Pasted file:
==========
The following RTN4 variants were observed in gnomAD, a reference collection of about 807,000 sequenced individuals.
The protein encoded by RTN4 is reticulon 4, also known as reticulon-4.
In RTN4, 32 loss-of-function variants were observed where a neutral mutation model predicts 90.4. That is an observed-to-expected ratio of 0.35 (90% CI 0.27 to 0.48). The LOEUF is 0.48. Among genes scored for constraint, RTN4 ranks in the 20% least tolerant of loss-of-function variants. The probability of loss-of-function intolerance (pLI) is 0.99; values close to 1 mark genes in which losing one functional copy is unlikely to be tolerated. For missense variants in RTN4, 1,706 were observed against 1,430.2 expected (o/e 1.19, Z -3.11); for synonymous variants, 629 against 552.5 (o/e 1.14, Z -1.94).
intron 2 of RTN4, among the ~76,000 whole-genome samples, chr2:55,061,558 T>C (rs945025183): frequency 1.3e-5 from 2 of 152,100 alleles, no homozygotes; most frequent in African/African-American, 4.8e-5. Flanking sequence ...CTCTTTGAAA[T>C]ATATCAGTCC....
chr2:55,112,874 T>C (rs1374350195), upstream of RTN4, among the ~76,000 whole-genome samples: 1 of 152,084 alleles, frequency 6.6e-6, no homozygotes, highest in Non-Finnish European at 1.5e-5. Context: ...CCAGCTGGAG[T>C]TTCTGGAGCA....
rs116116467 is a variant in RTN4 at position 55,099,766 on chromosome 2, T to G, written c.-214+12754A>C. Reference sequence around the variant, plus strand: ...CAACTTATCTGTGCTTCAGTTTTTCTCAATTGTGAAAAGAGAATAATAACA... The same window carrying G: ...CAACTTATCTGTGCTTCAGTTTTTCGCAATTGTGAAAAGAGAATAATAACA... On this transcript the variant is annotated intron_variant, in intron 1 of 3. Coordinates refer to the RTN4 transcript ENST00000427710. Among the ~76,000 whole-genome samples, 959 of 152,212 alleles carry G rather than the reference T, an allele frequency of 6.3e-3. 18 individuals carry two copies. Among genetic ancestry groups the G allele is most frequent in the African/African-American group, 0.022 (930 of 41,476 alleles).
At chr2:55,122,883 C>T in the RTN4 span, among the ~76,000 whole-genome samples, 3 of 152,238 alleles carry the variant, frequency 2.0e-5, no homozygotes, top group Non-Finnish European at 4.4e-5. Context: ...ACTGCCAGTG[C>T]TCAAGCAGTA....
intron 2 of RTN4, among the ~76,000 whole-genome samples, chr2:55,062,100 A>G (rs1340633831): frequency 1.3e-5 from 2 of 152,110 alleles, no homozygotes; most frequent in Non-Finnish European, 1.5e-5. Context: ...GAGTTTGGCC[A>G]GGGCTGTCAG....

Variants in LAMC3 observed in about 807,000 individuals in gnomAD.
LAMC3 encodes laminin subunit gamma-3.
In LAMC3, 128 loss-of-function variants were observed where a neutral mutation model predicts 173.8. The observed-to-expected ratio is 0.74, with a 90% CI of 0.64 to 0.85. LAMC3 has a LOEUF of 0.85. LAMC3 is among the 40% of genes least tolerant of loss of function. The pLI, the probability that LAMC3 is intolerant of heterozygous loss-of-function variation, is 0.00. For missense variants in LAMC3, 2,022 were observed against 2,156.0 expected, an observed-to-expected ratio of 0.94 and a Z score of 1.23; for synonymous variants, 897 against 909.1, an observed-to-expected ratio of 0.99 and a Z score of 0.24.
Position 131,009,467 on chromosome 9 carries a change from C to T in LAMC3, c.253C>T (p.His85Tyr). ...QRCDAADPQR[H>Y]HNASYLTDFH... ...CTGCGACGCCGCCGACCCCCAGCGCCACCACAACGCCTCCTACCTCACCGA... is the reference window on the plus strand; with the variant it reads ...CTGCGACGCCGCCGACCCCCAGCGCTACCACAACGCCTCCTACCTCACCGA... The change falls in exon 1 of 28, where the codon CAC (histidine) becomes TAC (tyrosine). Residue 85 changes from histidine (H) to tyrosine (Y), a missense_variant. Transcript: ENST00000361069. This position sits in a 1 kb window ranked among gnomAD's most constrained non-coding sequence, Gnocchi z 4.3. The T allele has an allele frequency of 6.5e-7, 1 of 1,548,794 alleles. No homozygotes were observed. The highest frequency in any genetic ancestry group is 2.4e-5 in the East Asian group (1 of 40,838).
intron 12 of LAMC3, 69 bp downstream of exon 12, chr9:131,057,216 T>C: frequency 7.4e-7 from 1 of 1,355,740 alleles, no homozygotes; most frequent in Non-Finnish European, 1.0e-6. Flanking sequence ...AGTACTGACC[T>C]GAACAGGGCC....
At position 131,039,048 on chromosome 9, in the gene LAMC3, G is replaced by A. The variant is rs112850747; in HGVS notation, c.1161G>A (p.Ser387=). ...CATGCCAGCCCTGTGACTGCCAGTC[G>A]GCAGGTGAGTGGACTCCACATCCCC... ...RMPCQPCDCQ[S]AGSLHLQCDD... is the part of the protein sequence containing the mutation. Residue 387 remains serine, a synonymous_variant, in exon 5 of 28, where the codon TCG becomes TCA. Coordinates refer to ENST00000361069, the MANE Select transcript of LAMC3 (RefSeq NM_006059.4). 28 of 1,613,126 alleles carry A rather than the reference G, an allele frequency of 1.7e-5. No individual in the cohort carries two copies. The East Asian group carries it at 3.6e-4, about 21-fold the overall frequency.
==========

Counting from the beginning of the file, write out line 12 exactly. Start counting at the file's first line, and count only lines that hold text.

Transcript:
Position 131,009,467 on chromosome 9 carries a change from C to T in LAMC3, c.253C>T (p.His85Tyr). ...QRCDAADPQR[H>Y]HNASYLTDFH... ...CTGCGACGCCGCCGACCCCCAGCGCCACCACAACGCCTCCTACCTCACCGA... is the reference window on the plus strand; with the variant it reads ...CTGCGACGCCGCCGACCCCCAGCGCTACCACAACGCCTCCTACCTCACCGA... The change falls in exon 1 of 28, where the codon CAC (histidine) becomes TAC (tyrosine). Residue 85 changes from histidine (H) to tyrosine (Y), a missense_variant. Transcript: ENST00000361069. This position sits in a 1 kb window ranked among gnomAD's most constrained non-coding sequence, Gnocchi z 4.3. The T allele has an allele frequency of 6.5e-7, 1 of 1,548,794 alleles. No homozygotes were observed. The highest frequency in any genetic ancestry group is 2.4e-5 in the East Asian group (1 of 40,838).